Tuan Anh Le

Convergence of Gradient Descent

14 March 2018

The following draws from this paper and David Martinez Rubio’s master’s thesis.

Given a function , we want to solve the optimization problem \begin{align} \argmin_{x \in \mathbb R^d} f(x) \label{eq:argmin} \end{align} by the gradient descent procedure:

for some learning rate .

We assume that the optimization problem has a non-empty solution set and we use to denote the corresponding optimal function value.

Definition 1 (Smoothness). A function is -smooth if its first derivative is -Lipschitz continuous, i.e. there exists a finite and positive such that \begin{align} f(y) \leq f(x) + (\nabla f(x))^T (y - x) + \frac{L}{2} \| y - x \|^2 \label{eq:smoothness} \end{align} for all .

Definition 2 (Strong Convexity). A function is -strongly convex if there exists a finite and positive such that \begin{align} f(y) \geq f(x) + (\nabla f(x))^T (y - x) + \frac{\mu}{2} \| y - x \|^2, \label{eq:strong-convexity} \end{align} for all .

Definition 3 (Polyak-Łojasiewicz). A function satisfies the Polyak-Łojasiewicz (PL) inequality if the following holds for some : \begin{align} \frac{1}{2} \| \nabla f(x) \|^2 \geq \mu (f(x) - f^*) \label{eq:pl-inequality} \end{align} for all .

Proposition 1. Let be an -smooth and -strongly convex function. Then satisfies the PL inequality with constant .

Proof. For in the non-empty solution set we use the strong convexity property in \eqref{eq:strong-convexity} to write \begin{align} f^* \geq f(x) + (\nabla f(x))^T (x^* - x) + \frac{\mu}{2} \| x^* - x \|^2. \end{align}

Now, since , we can write \begin{align} 0 \geq f^* - f(x) \geq (\nabla f(x))^T (x^* - x) + \frac{\mu}{2} \| x^* - x \|^2 \end{align} from which we obtain \begin{align} (\nabla f(x))^T (x - x^*) \geq \frac{\mu}{2} \| x^* - x \|^2. \end{align} Using the Cauchy-Schwartz inequality, we have and hence \begin{align} \| \nabla f(x) \| \cdot \|x - x^* \| \geq \frac{\mu}{2} \| x^* - x \|^2. \end{align} Simplyfying further, we get \begin{align} \| x^* - x \|^2 \leq \frac{4}{\mu^2} || \nabla f(x) ||^2. \label{eq:temp} \end{align}

Now, using the smoothness property in \eqref{eq:smoothness}, we obtain \begin{align} f(x) &\leq f^* + (\nabla f(x^*))^T (x - x^*) + \frac{L}{2} || x - x^* ||^2 \\ &= f^* + \frac{L}{2} || x - x^* ||^2 && \text{(since } \nabla f(x^*) = 0 \text{)} \\ &\leq f^* + \frac{2L}{\mu^2} || \nabla f(x) ||^2. && \text{(using \eqref{eq:temp})} \end{align} Rearranging, we obtain \begin{align} \frac{1}{2} || \nabla f(x) ||^2 \geq \frac{\mu^2}{4L} (f(x) - f^*), \end{align} which means that satisfies the PL inequality with the constant .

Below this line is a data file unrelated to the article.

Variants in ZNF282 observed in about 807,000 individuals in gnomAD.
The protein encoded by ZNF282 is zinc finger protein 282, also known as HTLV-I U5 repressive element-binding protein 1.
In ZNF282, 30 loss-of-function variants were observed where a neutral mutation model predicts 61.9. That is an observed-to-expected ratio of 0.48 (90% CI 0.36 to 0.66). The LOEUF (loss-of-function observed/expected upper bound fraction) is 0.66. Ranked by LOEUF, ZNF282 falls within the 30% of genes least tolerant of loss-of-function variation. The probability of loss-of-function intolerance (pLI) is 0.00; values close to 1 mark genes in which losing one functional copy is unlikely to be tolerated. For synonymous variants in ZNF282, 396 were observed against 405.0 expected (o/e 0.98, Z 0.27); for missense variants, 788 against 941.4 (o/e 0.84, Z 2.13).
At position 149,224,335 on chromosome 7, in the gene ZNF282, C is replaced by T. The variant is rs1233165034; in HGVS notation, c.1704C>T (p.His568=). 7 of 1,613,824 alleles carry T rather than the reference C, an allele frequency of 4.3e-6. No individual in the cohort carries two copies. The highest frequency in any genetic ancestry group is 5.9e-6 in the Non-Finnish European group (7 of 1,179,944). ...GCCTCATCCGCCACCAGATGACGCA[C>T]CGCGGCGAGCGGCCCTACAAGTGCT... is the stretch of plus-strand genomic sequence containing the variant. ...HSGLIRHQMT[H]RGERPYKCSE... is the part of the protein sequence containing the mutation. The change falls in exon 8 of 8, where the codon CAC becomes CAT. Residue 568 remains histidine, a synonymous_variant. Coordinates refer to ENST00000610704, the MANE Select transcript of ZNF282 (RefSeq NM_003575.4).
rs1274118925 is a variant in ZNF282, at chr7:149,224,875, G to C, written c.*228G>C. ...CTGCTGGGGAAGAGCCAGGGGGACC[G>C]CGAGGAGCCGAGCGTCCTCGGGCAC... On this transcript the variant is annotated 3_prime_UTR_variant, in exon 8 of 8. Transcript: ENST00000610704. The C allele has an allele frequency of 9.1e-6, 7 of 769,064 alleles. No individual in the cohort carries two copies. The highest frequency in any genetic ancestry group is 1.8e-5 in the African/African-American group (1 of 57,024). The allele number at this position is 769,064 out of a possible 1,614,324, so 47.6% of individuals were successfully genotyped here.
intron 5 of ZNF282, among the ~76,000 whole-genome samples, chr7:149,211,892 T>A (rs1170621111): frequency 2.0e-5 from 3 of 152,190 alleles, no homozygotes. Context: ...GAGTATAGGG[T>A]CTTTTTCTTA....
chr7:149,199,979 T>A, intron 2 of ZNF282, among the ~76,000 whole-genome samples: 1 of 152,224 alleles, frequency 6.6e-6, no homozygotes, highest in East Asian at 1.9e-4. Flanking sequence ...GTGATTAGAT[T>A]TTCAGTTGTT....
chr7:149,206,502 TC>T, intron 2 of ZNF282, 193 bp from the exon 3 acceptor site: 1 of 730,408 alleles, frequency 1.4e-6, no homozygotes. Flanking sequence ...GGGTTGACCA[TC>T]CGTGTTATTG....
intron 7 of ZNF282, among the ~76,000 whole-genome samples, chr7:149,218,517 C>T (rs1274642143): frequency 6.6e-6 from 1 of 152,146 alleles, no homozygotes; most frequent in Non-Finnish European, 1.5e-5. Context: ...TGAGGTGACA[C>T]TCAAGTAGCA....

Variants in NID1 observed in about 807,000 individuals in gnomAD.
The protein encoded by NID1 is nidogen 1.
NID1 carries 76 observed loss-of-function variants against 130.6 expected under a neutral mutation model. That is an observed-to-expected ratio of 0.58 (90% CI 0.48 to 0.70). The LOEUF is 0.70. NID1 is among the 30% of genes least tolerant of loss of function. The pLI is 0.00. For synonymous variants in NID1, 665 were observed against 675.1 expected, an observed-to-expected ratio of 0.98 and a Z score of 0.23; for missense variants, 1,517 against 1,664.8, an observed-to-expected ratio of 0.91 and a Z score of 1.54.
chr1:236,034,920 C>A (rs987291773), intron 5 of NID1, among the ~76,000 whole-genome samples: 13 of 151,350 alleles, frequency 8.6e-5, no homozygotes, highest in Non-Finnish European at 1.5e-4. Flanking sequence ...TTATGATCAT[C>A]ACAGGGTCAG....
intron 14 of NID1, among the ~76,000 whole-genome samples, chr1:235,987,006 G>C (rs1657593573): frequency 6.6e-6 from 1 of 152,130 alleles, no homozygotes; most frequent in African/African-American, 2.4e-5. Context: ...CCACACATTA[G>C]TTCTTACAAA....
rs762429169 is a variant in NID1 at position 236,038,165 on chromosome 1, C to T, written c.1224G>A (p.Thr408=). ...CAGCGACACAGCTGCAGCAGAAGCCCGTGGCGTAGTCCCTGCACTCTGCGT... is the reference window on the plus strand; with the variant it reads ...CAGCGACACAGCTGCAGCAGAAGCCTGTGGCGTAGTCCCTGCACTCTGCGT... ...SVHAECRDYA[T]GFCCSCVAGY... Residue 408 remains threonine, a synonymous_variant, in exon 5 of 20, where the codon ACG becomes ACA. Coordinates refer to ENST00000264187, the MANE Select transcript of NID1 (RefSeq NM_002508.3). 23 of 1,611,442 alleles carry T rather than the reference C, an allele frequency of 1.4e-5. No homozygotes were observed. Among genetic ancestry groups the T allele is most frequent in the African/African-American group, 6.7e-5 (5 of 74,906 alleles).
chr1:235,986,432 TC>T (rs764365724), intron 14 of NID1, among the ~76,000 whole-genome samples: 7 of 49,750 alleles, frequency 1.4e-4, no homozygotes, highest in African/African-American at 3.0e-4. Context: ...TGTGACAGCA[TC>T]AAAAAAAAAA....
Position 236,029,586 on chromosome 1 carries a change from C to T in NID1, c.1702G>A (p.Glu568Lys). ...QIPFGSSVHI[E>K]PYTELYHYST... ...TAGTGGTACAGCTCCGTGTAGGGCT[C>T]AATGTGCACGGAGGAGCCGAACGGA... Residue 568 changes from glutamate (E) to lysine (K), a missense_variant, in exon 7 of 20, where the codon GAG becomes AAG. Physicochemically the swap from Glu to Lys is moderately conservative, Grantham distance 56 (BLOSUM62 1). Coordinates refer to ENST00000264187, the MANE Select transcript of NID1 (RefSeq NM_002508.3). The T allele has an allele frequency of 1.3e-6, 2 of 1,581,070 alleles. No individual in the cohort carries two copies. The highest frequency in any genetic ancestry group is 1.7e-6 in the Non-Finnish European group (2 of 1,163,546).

Theorem 1. Given an -smooth function that satisfies the PL inequality with constant , if the learning rate is set to , gradient descent has the following convergence rate: \begin{align} f(x_t) - f^* \leq \left(1 - \frac{\mu}{L}\right)^t (f(x_0) - f^*). \label{eq:convergence} \end{align}

Proof. For any given , we have \begin{align} x_{t + 1} = x_t - \frac{1}{L} \nabla f(x_t). \label{eq:update} \end{align}

Using the smoothness property in \eqref{eq:smoothness}, we obtain \begin{align} f(x_{t + 1}) &\leq f(x_t) + (\nabla f(x_t))^T (x_{t + 1} - x_t) + \frac{L}{2} \| x_{t + 1} - x_t \|^2 \\ &= f(x_t) + (\nabla f(x_t))^T \left(-\frac{1}{L} \nabla f(x_t) \right) + \frac{L}{2} \left\| -\frac{1}{L} \nabla f(x_t) \right\|^2 && \text{(using \eqref{eq:update})} \\ &= f(x_t) - \frac{1}{2L} \left\| \nabla f(x_t) \right\|^2 && \text{(simplifying)} \\ &\leq f(x_t) - \frac{\mu}{L} (f(x_t) - f^*). && \text{(using the PL inequality \eqref{eq:pl-inequality})} \end{align} We rearrange to obtain \begin{align} f(x_{t + 1}) - f^* \leq \left(1 - \frac{\mu}{L}\right) (f(x_t) - f^*). \end{align} Applying this equation successively results in the desired convergence rate \eqref{eq:convergence}.

Corollary 1. Given an -smooth function and -strongly convex function , if the learning rate is set to , gradient descent has the following convergence rate: \begin{align} f(x_t) - f^* \leq \left(1 - \frac{\mu^2}{4L^2}\right)^t (f(x_0) - f^*). \label{eq:convergence-2} \end{align}

Proof. Use Proposition 1 and Theorem 1.

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